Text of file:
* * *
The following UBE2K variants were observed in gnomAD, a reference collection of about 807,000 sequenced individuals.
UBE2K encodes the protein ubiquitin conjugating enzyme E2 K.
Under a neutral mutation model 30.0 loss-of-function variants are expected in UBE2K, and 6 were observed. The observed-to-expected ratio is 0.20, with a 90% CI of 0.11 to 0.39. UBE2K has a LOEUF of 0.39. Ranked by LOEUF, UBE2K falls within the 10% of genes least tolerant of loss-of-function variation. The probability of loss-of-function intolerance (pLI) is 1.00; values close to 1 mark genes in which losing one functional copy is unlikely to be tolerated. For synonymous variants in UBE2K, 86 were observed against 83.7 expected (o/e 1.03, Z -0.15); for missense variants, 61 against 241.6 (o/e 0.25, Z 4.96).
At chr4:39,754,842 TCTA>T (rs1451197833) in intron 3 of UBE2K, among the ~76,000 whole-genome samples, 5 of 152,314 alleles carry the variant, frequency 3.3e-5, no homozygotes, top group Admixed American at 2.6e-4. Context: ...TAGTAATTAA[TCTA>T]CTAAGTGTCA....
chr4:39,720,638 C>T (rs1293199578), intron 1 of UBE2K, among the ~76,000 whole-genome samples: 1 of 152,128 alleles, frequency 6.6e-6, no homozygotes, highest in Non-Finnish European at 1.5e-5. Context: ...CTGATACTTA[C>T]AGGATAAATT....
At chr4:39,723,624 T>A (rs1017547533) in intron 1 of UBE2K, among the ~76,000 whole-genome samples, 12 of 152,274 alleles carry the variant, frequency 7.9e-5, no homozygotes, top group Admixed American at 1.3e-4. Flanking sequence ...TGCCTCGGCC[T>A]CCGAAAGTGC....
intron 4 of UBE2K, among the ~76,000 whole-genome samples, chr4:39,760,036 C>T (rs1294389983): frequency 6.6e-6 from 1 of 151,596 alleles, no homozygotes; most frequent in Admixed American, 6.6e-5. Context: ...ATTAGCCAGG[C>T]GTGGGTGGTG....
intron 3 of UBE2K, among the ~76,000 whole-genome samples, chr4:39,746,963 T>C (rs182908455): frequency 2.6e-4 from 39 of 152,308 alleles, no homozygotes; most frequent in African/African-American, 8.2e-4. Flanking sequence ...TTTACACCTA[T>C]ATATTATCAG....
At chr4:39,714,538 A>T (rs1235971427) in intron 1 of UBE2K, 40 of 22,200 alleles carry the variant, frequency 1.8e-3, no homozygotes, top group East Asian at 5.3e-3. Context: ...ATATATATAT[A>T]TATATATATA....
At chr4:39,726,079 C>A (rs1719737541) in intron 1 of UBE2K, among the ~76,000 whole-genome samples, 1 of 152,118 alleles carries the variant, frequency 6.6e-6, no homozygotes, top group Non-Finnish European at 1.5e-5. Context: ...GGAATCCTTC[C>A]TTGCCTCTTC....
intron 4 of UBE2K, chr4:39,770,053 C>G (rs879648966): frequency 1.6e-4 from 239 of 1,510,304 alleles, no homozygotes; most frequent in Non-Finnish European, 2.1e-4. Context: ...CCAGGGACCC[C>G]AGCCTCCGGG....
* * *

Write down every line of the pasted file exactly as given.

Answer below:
The following UBE2K variants were observed in gnomAD, a reference collection of about 807,000 sequenced individuals.
UBE2K encodes the protein ubiquitin conjugating enzyme E2 K.
Under a neutral mutation model 30.0 loss-of-function variants are expected in UBE2K, and 6 were observed. The observed-to-expected ratio is 0.20, with a 90% CI of 0.11 to 0.39. UBE2K has a LOEUF of 0.39. Ranked by LOEUF, UBE2K falls within the 10% of genes least tolerant of loss-of-function variation. The probability of loss-of-function intolerance (pLI) is 1.00; values close to 1 mark genes in which losing one functional copy is unlikely to be tolerated. For synonymous variants in UBE2K, 86 were observed against 83.7 expected (o/e 1.03, Z -0.15); for missense variants, 61 against 241.6 (o/e 0.25, Z 4.96).
At chr4:39,754,842 TCTA>T (rs1451197833) in intron 3 of UBE2K, among the ~76,000 whole-genome samples, 5 of 152,314 alleles carry the variant, frequency 3.3e-5, no homozygotes, top group Admixed American at 2.6e-4. Context: ...TAGTAATTAA[TCTA>T]CTAAGTGTCA....
chr4:39,720,638 C>T (rs1293199578), intron 1 of UBE2K, among the ~76,000 whole-genome samples: 1 of 152,128 alleles, frequency 6.6e-6, no homozygotes, highest in Non-Finnish European at 1.5e-5. Context: ...CTGATACTTA[C>T]AGGATAAATT....
At chr4:39,723,624 T>A (rs1017547533) in intron 1 of UBE2K, among the ~76,000 whole-genome samples, 12 of 152,274 alleles carry the variant, frequency 7.9e-5, no homozygotes, top group Admixed American at 1.3e-4. Flanking sequence ...TGCCTCGGCC[T>A]CCGAAAGTGC....
intron 4 of UBE2K, among the ~76,000 whole-genome samples, chr4:39,760,036 C>T (rs1294389983): frequency 6.6e-6 from 1 of 151,596 alleles, no homozygotes; most frequent in Admixed American, 6.6e-5. Context: ...ATTAGCCAGG[C>T]GTGGGTGGTG....
intron 3 of UBE2K, among the ~76,000 whole-genome samples, chr4:39,746,963 T>C (rs182908455): frequency 2.6e-4 from 39 of 152,308 alleles, no homozygotes; most frequent in African/African-American, 8.2e-4. Flanking sequence ...TTTACACCTA[T>C]ATATTATCAG....
At chr4:39,714,538 A>T (rs1235971427) in intron 1 of UBE2K, 40 of 22,200 alleles carry the variant, frequency 1.8e-3, no homozygotes, top group East Asian at 5.3e-3. Context: ...ATATATATAT[A>T]TATATATATA....
At chr4:39,726,079 C>A (rs1719737541) in intron 1 of UBE2K, among the ~76,000 whole-genome samples, 1 of 152,118 alleles carries the variant, frequency 6.6e-6, no homozygotes, top group Non-Finnish European at 1.5e-5. Context: ...GGAATCCTTC[C>A]TTGCCTCTTC....
intron 4 of UBE2K, chr4:39,770,053 C>G (rs879648966): frequency 1.6e-4 from 239 of 1,510,304 alleles, no homozygotes; most frequent in Non-Finnish European, 2.1e-4. Context: ...CCAGGGACCC[C>G]AGCCTCCGGG....